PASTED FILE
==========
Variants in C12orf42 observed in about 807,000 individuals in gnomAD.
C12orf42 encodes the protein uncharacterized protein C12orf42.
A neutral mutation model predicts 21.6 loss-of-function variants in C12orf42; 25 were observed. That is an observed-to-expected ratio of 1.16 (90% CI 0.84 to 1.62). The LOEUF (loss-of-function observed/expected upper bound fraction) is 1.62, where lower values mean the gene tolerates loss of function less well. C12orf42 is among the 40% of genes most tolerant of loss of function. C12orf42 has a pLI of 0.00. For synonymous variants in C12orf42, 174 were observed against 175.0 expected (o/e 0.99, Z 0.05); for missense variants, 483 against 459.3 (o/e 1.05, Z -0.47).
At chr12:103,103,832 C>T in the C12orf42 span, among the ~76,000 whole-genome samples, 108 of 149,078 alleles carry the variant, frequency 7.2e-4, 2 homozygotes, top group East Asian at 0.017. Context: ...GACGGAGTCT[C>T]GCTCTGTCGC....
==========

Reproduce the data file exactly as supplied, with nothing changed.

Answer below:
Variants in C12orf42 observed in about 807,000 individuals in gnomAD.
C12orf42 encodes the protein uncharacterized protein C12orf42.
A neutral mutation model predicts 21.6 loss-of-function variants in C12orf42; 25 were observed. That is an observed-to-expected ratio of 1.16 (90% CI 0.84 to 1.62). The LOEUF (loss-of-function observed/expected upper bound fraction) is 1.62, where lower values mean the gene tolerates loss of function less well. C12orf42 is among the 40% of genes most tolerant of loss of function. C12orf42 has a pLI of 0.00. For synonymous variants in C12orf42, 174 were observed against 175.0 expected (o/e 0.99, Z 0.05); for missense variants, 483 against 459.3 (o/e 1.05, Z -0.47).
At chr12:103,103,832 C>T in the C12orf42 span, among the ~76,000 whole-genome samples, 108 of 149,078 alleles carry the variant, frequency 7.2e-4, 2 homozygotes, top group East Asian at 0.017. Context: ...GACGGAGTCT[C>T]GCTCTGTCGC....